All 3 Main Greenhouse Gasses Reached Record Atmospheric Levels in 2021
The concentrations of the three main gasses responsible for the climate crisis rose to record levels in 2021.
That’s the “ominous” conclusion of the UN World Meteorological Organization’s (WMO) Greenhouse Gas Bulletin released Wednesday, which tracks the atmospheric concentrations of carbon dioxide, nitrous oxide and methane.
“WMO’s Greenhouse Gas Bulletin has underlined, once again, the enormous challenge – and the vital necessity – of urgent action to cut greenhouse gas emissions and prevent global temperatures rising even further in the future,” WMO Secretary-General Professor Petteri Taalas said in a statement announcing the findings.
In 2021, atmospheric carbon dioxide reached 415.7 parts per million, or 149 percent of pre-industrial levels; nitrous oxide emissions reached 334.5 parts per billion (ppb), or 124 percent of pre-industrial levels; and methane emissions reached 1,908 ppb, or 262 percent of pre-industrial levels, the report found. Between 2020 and 2021, atmospheric carbon dioxide rose by more than the average yearly growth rate for the past decade. However, methane levels jumped by their highest amount since record-keeping began almost 40 years ago.
“The continuing rise in concentrations of the main heat-trapping gases, including the record acceleration in methane levels, shows that we are heading in the wrong direction,” Taalas added.
Methane is concerning because it is more than 80 times more potent than carbon dioxide during its first 20 years in the atmosphere and is responsible for at least 25 percent of human-caused climate change, as the Environmental Defense Fund explained. Methane concentrations have also been accelerating since 2007, UN News reported, and scientists are not entirely sure why.
One possible explanation is the rise of fracking in the U.S., The Guardian reported. However, industrial emissions overall have not risen to the same degree, casting doubt on this hypothesis. Another possibility is that the climate crisis is creating a feedback loop, as warmer temperatures encourage methane-producing microbes in places like rice paddies and wetlands as well as in the intestines of animals like cows. However, one hopeful thing about methane is that its footprint in the atmosphere fades much faster than carbon dioxide’s.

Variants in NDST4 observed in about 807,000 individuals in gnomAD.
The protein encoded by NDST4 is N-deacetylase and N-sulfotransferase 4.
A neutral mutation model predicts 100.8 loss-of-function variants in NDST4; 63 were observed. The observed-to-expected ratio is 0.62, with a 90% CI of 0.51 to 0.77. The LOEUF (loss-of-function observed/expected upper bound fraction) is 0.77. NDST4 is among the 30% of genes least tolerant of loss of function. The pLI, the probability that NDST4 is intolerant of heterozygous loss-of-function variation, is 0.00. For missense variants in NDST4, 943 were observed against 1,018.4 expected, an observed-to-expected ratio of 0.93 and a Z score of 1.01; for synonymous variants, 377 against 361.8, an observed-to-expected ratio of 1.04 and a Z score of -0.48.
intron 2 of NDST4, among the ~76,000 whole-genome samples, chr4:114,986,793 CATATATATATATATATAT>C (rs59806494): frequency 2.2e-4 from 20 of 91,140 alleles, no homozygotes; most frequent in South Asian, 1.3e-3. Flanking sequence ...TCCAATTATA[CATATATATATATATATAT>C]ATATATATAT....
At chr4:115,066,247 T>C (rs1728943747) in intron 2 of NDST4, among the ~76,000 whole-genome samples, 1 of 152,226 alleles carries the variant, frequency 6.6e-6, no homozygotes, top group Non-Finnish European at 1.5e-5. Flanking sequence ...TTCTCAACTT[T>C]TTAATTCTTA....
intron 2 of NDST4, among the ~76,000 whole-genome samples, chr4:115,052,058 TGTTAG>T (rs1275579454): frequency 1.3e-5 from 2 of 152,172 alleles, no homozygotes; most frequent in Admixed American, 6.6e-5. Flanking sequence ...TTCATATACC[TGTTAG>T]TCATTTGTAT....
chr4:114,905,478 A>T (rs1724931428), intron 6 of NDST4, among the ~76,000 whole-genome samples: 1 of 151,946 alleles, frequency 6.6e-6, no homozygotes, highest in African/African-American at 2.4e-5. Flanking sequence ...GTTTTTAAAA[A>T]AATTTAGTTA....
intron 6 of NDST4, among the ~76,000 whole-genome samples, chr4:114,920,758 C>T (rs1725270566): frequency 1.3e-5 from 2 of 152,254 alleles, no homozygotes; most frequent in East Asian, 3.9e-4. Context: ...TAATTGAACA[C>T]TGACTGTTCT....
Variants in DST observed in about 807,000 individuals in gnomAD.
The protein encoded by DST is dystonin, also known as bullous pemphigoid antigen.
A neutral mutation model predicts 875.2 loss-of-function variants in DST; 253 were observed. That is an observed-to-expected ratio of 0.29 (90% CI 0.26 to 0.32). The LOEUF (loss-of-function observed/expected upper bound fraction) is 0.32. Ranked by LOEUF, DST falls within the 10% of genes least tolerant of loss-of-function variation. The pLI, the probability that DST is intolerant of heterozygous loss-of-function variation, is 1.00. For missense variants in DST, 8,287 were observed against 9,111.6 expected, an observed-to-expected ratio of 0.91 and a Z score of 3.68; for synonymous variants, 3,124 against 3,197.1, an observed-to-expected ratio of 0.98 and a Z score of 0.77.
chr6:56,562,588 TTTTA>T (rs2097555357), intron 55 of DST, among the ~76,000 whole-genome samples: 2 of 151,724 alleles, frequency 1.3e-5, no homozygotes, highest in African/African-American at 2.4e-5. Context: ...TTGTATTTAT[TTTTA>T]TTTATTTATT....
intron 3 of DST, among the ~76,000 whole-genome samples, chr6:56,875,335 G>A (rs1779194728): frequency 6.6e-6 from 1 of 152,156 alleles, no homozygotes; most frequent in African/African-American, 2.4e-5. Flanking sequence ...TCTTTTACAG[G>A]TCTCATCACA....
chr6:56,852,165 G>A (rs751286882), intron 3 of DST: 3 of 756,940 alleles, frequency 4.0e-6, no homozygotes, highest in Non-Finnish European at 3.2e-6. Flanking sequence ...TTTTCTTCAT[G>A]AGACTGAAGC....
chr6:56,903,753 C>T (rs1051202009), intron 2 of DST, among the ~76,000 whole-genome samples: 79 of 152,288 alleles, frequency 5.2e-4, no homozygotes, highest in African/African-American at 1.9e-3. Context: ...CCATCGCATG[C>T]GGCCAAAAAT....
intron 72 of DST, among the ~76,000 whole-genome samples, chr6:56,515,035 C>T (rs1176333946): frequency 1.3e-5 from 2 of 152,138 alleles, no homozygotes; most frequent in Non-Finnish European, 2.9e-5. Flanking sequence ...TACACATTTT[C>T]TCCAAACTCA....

“There are cost-effective strategies available to tackle methane emissions, especially from the fossil fuel sector, and we should implement these without delay. However, methane has a relatively short lifetime of less than 10 years and so its impact on climate is reversible. As the top and most urgent priority, we have to slash carbon dioxide emissions which are the main driver of climate change and associated extreme weather, and which will affect climate for thousands of years through polar ice loss, ocean warming and sea level rise,” Taalas said in the press release.
While the WMO report focused on atmospheric concentrations, not all greenhouse gas emissions end up in the air. Between 2011 and 2021, around 48 percent of greenhouse gas emissions went into the atmosphere while 26 percent were absorbed by the ocean and 29 percent by the land, UN News said. There is a concern that these carbon sinks will become less effective if emissions continue.
The UN agency released the report ahead of November’s UN Climate Conference COP27 in Egypt, and will also publish the State of the Global Climate report immediately before the talks. The WMO hopes that the information will underscore for policymakers the importance of limiting global warming to 1.5 degrees Celsius above pre-industrial levels.
“We need to transform our industrial, energy and transport systems and whole way of life. The needed changes are economically affordable and technically possible. Time is running out,” Taalas said in his statement.
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